Recorded by the Gerry Mulligan Concert Jazz Band
Arranged by George Russell, Prepared for Publication by Jeffrey Sultanof, Dylan Canterbury, and Rob DuBoff
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Cat #: JLP-7061DL


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Edition: Jazz Big Band Arrangement

Description: Swing/Ballad - Advanced

Publisher: Jazz Lines Publications

To describe George Russell's All About Rosie in the simplest possible terms is to call it a jazz version of the classic song structure of theme and variations. To reduce it to such a basic description, however, is to do a great disservice to one of the most progressive compositions in the history of the music. Based, in the words of the composer, off of "a motif taken from an Alabama Negro children's song-game entitled 'Rosie, Little Rosie,'" the music sounds just as fresh, innovative, and exhilarating as it did when it was first composed in 1957. The version presented here is a re-arrangement of the piece that Russell wrote for the Gerry Mulligan Concert Jazz Orchestra, recorded on their 1961 album Gerry Mulligan Presents a Concert in Jazz.

The first theme and variation is taken at a brisk swing tempo, with Russell's motif being passed back and forth between a single trumpet and a single trombone at first. The motif forms itself into an unusual 5-bar phrase at measure 11, with the alto saxophones and trumpets taking the lead over two competing counter-lines. The competition is eventually won by the saxophones at measure 31, where they embark on a long-winded and twisting melody line with the brass occasionally interjecting with various fragmented ideas. This continues to largely be the formula for the rest of this first variation, with the most shocking change-up coming at measure 61, where there is an unexpected shift to an off-kilter 3/2 time feel. The horns continue to bicker back and forth over a steadily pulsing rhythm section until finally coming back together at measure 109 for a slowly building but climactic riff.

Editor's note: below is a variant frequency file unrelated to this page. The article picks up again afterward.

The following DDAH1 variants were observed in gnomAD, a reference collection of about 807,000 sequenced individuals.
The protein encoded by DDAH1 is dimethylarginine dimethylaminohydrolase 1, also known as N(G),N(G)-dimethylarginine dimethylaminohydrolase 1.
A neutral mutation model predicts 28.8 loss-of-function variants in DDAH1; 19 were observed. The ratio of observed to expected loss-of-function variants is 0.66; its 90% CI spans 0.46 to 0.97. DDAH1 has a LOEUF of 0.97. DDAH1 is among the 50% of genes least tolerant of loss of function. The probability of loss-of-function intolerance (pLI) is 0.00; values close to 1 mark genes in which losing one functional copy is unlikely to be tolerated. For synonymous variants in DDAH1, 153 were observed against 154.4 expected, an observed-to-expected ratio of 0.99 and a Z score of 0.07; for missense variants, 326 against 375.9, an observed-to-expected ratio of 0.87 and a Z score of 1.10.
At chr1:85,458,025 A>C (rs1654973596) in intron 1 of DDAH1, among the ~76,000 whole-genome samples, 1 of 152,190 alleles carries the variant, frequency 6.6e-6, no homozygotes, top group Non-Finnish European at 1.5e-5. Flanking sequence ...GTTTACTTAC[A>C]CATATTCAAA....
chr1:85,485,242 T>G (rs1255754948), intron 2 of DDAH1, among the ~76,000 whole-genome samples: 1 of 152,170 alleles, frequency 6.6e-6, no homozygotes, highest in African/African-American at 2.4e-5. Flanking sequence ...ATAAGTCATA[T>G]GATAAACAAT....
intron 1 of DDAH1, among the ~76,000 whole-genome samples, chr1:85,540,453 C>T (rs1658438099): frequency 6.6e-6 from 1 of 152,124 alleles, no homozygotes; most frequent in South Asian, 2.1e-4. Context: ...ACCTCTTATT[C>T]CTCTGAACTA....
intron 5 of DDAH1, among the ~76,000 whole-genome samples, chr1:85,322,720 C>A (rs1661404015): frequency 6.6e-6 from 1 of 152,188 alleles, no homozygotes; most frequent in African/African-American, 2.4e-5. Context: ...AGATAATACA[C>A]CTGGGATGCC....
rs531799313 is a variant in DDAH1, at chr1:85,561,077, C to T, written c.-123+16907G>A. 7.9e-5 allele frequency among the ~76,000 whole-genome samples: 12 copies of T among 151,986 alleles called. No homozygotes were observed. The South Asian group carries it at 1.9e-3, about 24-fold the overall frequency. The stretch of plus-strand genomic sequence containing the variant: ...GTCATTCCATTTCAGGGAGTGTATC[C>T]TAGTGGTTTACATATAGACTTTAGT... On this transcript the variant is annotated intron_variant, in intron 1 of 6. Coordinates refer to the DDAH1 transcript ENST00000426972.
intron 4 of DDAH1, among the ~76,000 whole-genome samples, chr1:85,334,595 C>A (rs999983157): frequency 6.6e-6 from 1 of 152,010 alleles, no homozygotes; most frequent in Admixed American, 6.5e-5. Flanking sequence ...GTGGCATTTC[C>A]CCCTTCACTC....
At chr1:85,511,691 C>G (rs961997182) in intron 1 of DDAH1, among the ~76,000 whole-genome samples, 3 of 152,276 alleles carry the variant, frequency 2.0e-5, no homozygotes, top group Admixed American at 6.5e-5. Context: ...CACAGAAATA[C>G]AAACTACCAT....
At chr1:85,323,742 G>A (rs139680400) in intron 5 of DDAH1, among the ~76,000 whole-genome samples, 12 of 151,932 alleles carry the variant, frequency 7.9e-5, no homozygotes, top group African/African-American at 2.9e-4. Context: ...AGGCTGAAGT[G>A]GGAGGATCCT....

Following a short horn stab, the second variation begins with Mulligan's baritone saxophone setting up a substantially slower tempo. Although Mulligan may be the central melodic figure at first, several other short lines in various other horns begin to weave into the tapestry as the variation progresses along. Russell's motif has taken on a noticeably bluesier tint at this point, becoming most apparent beginning at measure 134, where Mulligan and tenor saxophonist Jim Reider engage in a written duet that is repeated three times over a groaning underpinning from the rest of the horns. On the second repetition, Bob Broomkeyer and Willie Dennis's trombones add their own take on the theme, followed by the muted trumpets of Doc Severinsen and Don Ferarra the third time. The rhythm section (led by drummer Mel Lewis) only adds to the building intensity by slowly shifting into a hard-driving 12/8 blues shuffle feel. Just as things sound like they are going to hit their breaking point, the variation starts to fall apart much the same way it began, with multiple interweaving lines leading gradually into an ominously soft held chord.

Lewis's drums provide a fast quasi-Latin groove to kick off the third and final variation at measure 168. Initially, there are some similarities to the first variation, with the saxes playing complex extensive lines with some biting, dissonant brass figures prodding them on. The arrangement takes a surprising turn for the conservative at measure 212, where the ensemble engages in some old-fashioned big band wailing for a bit before some more extended counterpoint leads into the improvised solo portion of the arrangement. First up is Mulligan, then Brookmeyer, then Ferrara, and then finally Gene Quill on alto sax following a brief ensemble interlude. The performance comes full circle at measure 445, where the opening variation is repeated verbatim. The 3/2 groove returns as well, although only for a shortened conclusion that ends with the same exciting conclusion as before.

This publication was prepared using George Russell's original score and the set of parts used for the 1961 Concert Jazz Band Recording. Note: for unknown reasons, there were several sections of this arrangement that were cut from the Mulligan ensemble's recording. The cut material has been included in this publication in order to present Russell's score in its original form. Notes have been included in the score and parts where all of these cuts occur so that the conductor may decide how to perform this arrangement.


Full Score
Woodwind 1: Alto Saxophone/Flute
Woodwind 2: Alto Saxophone
Woodwind 3: Tenor Saxophone
Woodwind 4: Baritone Saxophone/Bass Clarinet
Woodwind 5: Baritone Saxophone
3 Trumpets
2 Trombones
Bass Trombone
Trumpet 1: E6
Trumpets 2 and 3: Db6
Trombone 1: D5